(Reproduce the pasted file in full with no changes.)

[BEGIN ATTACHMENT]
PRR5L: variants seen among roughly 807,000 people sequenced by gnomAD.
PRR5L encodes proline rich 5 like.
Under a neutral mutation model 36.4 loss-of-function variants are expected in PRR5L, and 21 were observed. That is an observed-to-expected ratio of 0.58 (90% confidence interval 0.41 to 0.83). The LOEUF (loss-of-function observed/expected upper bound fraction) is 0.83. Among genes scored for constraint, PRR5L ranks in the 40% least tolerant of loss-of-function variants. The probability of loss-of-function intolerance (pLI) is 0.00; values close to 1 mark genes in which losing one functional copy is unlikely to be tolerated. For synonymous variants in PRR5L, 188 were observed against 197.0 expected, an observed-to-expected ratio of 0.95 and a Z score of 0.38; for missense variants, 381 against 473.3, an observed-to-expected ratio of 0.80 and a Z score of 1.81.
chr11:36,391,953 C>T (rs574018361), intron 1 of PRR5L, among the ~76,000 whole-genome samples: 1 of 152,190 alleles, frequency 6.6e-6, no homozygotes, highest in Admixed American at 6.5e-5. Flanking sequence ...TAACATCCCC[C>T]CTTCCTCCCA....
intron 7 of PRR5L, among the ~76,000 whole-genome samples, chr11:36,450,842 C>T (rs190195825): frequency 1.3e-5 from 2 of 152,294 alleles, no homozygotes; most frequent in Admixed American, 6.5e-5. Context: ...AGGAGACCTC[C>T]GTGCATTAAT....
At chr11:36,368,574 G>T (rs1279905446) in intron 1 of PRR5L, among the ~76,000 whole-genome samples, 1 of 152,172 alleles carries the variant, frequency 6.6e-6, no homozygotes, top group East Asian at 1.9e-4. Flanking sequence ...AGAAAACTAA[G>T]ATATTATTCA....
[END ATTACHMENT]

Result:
PRR5L: variants seen among roughly 807,000 people sequenced by gnomAD.
PRR5L encodes proline rich 5 like.
Under a neutral mutation model 36.4 loss-of-function variants are expected in PRR5L, and 21 were observed. That is an observed-to-expected ratio of 0.58 (90% confidence interval 0.41 to 0.83). The LOEUF (loss-of-function observed/expected upper bound fraction) is 0.83. Among genes scored for constraint, PRR5L ranks in the 40% least tolerant of loss-of-function variants. The probability of loss-of-function intolerance (pLI) is 0.00; values close to 1 mark genes in which losing one functional copy is unlikely to be tolerated. For synonymous variants in PRR5L, 188 were observed against 197.0 expected, an observed-to-expected ratio of 0.95 and a Z score of 0.38; for missense variants, 381 against 473.3, an observed-to-expected ratio of 0.80 and a Z score of 1.81.
chr11:36,391,953 C>T (rs574018361), intron 1 of PRR5L, among the ~76,000 whole-genome samples: 1 of 152,190 alleles, frequency 6.6e-6, no homozygotes, highest in Admixed American at 6.5e-5. Flanking sequence ...TAACATCCCC[C>T]CTTCCTCCCA....
intron 7 of PRR5L, among the ~76,000 whole-genome samples, chr11:36,450,842 C>T (rs190195825): frequency 1.3e-5 from 2 of 152,294 alleles, no homozygotes; most frequent in Admixed American, 6.5e-5. Context: ...AGGAGACCTC[C>T]GTGCATTAAT....
At chr11:36,368,574 G>T (rs1279905446) in intron 1 of PRR5L, among the ~76,000 whole-genome samples, 1 of 152,172 alleles carries the variant, frequency 6.6e-6, no homozygotes, top group East Asian at 1.9e-4. Flanking sequence ...AGAAAACTAA[G>T]ATATTATTCA....